(1) Distribute the comics as wide as possible.
(2) Work towards translations into more languages.
(3) Evaluate the effectiveness of the science communication through the comics, in collaboration with schools and pedagogic experts.
3rd Snow Science Winter School
When: February 2017 | Where: Sodankylä (Finland) | Contact: Juha Lemmetyinen
The Cryosphere Working Group organized a field-oriented training course for teaching snow cover quantification techniques at the Finnish Meteorological Institute Arctic Research Center. Contemporary fields method require significant experience and training to achieve high-quality, accurate results, necessitating a field training course. This week-long course was intended to train early career scientists to better utilize field techniques for in situ observations as well as ground-based remote sensing instrumentation, with classroom lectures to support the field activities. By learning advanced field methods in the early career stage, young scientists will help improve quality standards in the Arctic research community in the area of snow science.
Network on Arctic Glaciology (NAG)
The 2017 annual workshop and open forum meeting of the IASC Network on Arctic Glaciology took place in Bethel, Maine, USA. 27 participants from 8 IASC member countries came together to discuss a broad range of topics in Arctic Glaciology. The meeting was organized by the IASC Network on Arctic Glaciology in collaboration with the Climate Change Institute at the University of Maine, USA.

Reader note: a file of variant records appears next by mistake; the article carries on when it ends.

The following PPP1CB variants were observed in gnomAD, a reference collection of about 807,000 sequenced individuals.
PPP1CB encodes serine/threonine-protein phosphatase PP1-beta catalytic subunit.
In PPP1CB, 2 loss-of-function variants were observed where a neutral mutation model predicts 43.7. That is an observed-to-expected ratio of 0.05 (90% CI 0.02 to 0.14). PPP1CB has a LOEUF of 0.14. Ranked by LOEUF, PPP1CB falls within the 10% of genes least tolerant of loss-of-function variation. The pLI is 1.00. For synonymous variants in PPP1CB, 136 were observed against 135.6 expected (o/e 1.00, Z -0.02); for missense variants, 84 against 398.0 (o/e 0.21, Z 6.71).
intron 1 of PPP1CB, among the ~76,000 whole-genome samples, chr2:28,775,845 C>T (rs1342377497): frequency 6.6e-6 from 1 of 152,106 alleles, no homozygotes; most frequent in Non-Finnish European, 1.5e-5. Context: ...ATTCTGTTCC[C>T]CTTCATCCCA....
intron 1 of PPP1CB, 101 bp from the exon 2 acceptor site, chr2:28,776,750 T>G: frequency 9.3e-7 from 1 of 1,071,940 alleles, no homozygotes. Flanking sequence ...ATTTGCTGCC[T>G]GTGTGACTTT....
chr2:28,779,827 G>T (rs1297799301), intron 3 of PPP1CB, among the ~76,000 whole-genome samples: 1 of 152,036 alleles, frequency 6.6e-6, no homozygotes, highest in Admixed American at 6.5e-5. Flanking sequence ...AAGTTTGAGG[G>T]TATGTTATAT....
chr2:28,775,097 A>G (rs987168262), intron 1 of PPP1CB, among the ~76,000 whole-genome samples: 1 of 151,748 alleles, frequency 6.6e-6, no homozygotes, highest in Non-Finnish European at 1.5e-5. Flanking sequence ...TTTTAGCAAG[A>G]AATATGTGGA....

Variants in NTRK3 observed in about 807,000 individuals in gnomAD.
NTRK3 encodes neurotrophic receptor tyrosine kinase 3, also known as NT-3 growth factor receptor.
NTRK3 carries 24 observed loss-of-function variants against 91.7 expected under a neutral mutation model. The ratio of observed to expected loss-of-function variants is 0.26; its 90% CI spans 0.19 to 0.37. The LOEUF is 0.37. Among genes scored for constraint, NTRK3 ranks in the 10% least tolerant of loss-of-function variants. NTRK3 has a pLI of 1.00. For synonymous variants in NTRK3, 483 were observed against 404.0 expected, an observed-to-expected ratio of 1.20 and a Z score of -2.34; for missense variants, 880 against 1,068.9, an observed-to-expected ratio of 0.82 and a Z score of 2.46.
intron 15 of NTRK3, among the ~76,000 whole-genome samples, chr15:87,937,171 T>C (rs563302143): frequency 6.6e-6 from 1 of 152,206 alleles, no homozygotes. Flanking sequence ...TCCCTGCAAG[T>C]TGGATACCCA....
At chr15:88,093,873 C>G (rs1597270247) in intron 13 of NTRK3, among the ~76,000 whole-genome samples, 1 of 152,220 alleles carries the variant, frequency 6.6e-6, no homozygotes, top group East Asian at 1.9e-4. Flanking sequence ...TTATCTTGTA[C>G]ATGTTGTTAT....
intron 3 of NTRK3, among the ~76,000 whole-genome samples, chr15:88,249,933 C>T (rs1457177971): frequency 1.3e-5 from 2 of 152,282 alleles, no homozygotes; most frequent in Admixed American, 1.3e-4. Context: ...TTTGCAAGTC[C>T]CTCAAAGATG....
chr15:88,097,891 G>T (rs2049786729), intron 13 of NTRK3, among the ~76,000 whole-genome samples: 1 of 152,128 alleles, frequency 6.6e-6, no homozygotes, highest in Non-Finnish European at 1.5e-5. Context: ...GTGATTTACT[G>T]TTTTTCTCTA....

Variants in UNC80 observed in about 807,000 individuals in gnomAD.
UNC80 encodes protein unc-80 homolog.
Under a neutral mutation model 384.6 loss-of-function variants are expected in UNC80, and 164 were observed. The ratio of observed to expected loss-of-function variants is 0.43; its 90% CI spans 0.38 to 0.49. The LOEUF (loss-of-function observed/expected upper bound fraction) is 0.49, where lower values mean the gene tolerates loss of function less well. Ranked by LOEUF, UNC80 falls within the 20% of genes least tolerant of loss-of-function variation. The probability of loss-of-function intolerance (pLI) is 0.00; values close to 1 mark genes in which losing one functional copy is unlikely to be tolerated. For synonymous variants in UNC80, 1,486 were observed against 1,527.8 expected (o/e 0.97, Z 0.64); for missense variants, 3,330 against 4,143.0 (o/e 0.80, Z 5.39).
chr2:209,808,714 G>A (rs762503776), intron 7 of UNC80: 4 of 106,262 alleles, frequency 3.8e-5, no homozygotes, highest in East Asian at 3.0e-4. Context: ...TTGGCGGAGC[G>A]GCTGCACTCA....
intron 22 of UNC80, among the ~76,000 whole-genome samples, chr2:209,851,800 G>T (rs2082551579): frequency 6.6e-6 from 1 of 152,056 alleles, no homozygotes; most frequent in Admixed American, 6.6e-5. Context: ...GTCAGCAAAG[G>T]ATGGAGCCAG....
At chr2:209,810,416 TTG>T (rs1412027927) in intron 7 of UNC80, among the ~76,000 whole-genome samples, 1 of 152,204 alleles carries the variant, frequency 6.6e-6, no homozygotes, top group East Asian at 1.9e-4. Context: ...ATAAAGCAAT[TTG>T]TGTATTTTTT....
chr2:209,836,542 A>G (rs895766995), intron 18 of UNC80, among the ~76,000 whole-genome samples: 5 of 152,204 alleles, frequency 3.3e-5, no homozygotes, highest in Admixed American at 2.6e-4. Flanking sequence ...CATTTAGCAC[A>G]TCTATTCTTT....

The 2017 workshop featured three special sessions: (1) glacier-atmosphere interactions; (2) glacier-ocean interactions, including impacts on the marine ecosystem, and (3) the importance of calving (frontal ablation) for the mass budget of Arctic glaciers. In addition, presentations addressed topics such as glacier and ice cap mass balance, ice dynamics and advancements in methodology used to monitor glacier processes and glacier change.
Discussions continued outside the meeting room at joined meals, as well as on the local ski tracks and slopes. The open forum meeting provided an opportunity to discuss further activities and development of the Network on Arctic Glaciology.
The next Workshop on the dynamics and mass budget of arctic glaciers and the 2018 NAG annual meeting will be held in Obergurgl, Austria, 21 - 25 January 2018.
For more information please see the Network on Arctic Glaciology website
The importance of Calving for the mass balance of arctic glaciers
When: 15-17 October 2016 | Where: Institute of Oceanology, Polish Academy of Sciences, Sopot (Poland)